Is Alberta stuck with a “quasi-party system” that only (united) conservatives can finally master?

May 31st, 2023 | By | Category: In Brief

Dog Child, a Blackfoot scout for the North West Mounted Police in what is now Alberta, about 1890.

COUNTERWEIGHTS EDITORS, GANATSEKWYAGON, ON. MAY 30, 31, 2023. If the question was will the May 29 election in the fourth-largest, oil-and-gas-rich Canadian province of Alberta be more like the May 14 election in Thailand (vaguely progressive, maybe), or the May 14 and 28 elections in Turkey (quite conservative), the clear answer is the still intriguing national residue of the old Ottoman Empire in Turkey.

In spite of much wondering and even difficulty since her election as party leader (and more than a few dodgy and dubious remarks) Danielle Smith’s United Conservative Party has, as of 2 PM, May 30, won 49 seats in an 87-member Legislative Assembly (for an initial majority of five), with an impressive enough almost 53% of the province-wide popular vote.

Not really like Turkish regime of Recep Tayyip Erdoğan

Rachel Notley’s New Democrats did better than in the last election in 2019. On the current 2023 counting the NDP has won 38 seats with 44% of the popular vote — a notable improvement over 24 seats with 33% of the vote in 2019.

But the Notley New Democrats did not — as almost seemed likely enough as recently as this past autumn — repeat their record-breaking electoral victory of 2015, when they won 52 seats and became the first non-conservative government of Alberta in 44 years! (Albeit to no small extent because in 2015 the conservative vote was split between Jim Prentice’s Progressive Conservatives and Brian Jean’s more right-wing Wildrose Party.)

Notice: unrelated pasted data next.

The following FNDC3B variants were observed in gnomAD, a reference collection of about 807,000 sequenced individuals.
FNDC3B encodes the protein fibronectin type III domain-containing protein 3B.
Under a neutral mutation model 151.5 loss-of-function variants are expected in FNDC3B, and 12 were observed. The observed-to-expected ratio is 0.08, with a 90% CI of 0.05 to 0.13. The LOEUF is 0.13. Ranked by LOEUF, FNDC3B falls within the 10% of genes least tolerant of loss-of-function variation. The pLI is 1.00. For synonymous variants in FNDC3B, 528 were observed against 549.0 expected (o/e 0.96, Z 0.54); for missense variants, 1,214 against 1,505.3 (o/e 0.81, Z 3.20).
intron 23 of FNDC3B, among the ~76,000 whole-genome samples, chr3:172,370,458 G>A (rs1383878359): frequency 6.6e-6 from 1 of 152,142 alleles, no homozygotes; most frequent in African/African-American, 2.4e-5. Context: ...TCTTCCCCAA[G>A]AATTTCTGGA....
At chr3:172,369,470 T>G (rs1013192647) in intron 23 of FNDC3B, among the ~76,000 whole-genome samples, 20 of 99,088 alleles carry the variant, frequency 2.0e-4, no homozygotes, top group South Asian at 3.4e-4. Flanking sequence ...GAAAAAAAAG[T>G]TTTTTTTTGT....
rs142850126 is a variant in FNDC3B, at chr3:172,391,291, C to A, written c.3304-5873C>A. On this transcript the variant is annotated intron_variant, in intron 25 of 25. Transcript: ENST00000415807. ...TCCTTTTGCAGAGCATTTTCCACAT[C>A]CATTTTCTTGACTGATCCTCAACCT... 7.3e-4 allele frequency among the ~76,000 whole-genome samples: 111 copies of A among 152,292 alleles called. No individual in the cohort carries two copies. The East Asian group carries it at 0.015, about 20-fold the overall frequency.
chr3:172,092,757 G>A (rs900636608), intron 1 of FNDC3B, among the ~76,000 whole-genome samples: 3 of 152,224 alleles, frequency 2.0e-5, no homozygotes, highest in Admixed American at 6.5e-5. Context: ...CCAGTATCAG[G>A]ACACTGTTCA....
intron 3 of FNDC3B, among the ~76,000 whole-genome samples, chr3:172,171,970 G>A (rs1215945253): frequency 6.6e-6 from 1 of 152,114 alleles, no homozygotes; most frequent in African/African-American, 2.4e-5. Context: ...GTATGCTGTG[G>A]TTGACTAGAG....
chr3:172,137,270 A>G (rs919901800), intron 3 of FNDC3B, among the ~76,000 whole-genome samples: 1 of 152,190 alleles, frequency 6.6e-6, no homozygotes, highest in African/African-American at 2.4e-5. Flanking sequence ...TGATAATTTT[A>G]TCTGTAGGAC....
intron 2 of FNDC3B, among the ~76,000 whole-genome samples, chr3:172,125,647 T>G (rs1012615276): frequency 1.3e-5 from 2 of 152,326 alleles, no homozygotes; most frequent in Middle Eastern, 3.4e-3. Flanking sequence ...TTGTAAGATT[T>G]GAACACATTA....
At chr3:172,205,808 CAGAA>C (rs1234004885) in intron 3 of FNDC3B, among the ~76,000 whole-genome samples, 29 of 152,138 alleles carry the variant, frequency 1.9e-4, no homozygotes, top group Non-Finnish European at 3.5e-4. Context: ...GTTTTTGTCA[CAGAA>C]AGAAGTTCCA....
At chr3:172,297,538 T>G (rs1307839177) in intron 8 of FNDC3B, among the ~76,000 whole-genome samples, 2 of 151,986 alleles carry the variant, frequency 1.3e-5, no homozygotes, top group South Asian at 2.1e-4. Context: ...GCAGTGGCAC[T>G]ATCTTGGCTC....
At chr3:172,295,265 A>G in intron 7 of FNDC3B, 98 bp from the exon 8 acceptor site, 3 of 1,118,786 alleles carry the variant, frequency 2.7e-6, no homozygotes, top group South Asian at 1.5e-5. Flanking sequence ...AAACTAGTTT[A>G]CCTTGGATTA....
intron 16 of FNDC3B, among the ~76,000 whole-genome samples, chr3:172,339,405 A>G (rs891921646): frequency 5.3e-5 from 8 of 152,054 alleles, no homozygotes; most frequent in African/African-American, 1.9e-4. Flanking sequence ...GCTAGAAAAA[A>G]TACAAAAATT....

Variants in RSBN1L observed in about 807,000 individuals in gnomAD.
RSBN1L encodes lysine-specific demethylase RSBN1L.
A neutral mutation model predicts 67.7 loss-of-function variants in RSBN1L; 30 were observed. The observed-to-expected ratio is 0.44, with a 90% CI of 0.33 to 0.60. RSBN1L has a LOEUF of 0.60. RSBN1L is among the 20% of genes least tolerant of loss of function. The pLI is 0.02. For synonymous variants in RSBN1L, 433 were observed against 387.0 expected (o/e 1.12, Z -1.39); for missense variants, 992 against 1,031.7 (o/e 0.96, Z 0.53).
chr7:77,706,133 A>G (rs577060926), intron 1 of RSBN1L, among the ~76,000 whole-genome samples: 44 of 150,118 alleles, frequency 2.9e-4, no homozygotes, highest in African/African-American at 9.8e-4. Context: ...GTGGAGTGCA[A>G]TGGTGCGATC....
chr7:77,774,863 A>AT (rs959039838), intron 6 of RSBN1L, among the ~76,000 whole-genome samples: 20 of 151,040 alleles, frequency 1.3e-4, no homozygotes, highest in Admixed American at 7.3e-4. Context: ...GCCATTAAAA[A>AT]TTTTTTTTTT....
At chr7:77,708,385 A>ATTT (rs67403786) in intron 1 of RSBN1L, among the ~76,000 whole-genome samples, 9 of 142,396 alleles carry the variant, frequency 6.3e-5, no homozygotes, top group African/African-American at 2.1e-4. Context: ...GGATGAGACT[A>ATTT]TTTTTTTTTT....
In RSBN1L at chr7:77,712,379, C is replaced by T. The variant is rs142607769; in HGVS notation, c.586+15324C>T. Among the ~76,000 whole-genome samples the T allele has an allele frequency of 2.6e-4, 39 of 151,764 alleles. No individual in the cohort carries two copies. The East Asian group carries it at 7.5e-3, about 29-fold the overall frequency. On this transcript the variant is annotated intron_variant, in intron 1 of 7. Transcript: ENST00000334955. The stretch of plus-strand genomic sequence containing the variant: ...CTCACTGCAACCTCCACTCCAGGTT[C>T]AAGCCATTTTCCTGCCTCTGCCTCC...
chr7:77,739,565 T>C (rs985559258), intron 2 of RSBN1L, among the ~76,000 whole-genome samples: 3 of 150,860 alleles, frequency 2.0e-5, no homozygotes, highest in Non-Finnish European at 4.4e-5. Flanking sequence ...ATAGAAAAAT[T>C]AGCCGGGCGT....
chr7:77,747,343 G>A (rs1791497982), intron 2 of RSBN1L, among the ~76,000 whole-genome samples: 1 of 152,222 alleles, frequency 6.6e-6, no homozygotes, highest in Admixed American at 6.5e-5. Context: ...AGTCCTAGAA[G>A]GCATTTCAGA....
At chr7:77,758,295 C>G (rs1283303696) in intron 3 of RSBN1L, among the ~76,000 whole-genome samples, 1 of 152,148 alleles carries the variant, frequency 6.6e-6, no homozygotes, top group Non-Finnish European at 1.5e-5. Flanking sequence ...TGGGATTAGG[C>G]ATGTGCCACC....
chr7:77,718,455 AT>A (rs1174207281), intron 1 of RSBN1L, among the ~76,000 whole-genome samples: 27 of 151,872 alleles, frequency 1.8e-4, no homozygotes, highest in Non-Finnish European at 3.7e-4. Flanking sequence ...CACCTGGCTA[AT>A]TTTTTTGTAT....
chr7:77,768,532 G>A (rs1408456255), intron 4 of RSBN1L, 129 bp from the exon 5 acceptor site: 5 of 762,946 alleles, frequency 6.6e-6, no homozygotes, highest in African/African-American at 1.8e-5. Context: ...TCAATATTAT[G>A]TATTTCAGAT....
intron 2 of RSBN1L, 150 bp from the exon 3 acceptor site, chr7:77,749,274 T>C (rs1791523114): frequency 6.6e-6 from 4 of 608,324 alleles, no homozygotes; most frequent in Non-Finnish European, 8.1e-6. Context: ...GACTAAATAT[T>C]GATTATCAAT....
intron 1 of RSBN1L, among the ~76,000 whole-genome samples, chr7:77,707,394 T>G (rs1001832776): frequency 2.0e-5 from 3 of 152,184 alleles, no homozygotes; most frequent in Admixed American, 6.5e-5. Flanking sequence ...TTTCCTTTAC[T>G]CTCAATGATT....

Rural Alberta

There was some conservative reaction against the kind of more right-wing leadership Danielle Smith brought to the UCP bequeathed by former Stephen Harper cabinet minister Jason Kenney. The Notley NDP won a somewhat larger share of the popular vote yesterday in 2023 than it did in 2015, when it also won a majority government (44% 2023 vs not quite 41% in 2015).

Yet as Jason Markusoff ·has nicely put it : “Somewhere on Monday night, Kenney must have put his feet up and thought to himself: I’ve built a party so strong that not even Danielle Smith could screw it up.” Whatever else, the conservative result is of course not really altogether comparable with the Turkish regime of Recep Tayyip Erdoğan. (Though Erdoğan did win a comparable share of the popular vote in his May 28 run-off race — just over 52%.)

Not terrific but a smart enough woman (and again not really like Erdoğan)?

Premier Smith’s victory does have its limitations. As Don Braid has explained in the Calgary Herald : “Smith triumphs but with thin majority and severe big-city weakness … her majority is the thinnest in Alberta history — only five seats, barely enough for workable government. And one of those 49 MLAs has already been banished to sit as an Independent. Another must be the Speaker … in practice, Smith’s majority is only three seats … She has to know that the UCP is much weaker than it was in 2019, and severely challenged in the big cities.”

At the same time, of course Premier Smith of Alberta does not (yet?) have the kind of increasingly autocratic leadership style that has marked the now 20-year career of President Erdoğan of Turkey. Moreover, as Jason Markusoff has explained on the CBC News site : “The Danielle Smith that the NDP had depicted as extreme and erratic did not show up … during the election period … She’d turned her back on a lifetime of libertarian populism, of musings about health care user pay and doubt in science on climate change and public health … She largely jettisoned most of the ideas she’d campaigned on to win the UCP leadership and become premier seven months ago … Smith instead played a radio-friendly music mix of low taxes, safe streets, big spending — hello, Calgary Flames arena — and improved public health care.”

Alberta politics and Ontario politics

The 2023 election that has finally kept conservatives in power in Alberta is also a more impressive democratic political event than the 2022 election that kept conservatives in power in Canada’s most populous province of Ontario. To start with voter turnout in Alberta in 2023 has been, on a preliminary estimate, a respectable enough more than 62% — compared with the all-time record low turnout of only 44% in Ontario in 2022.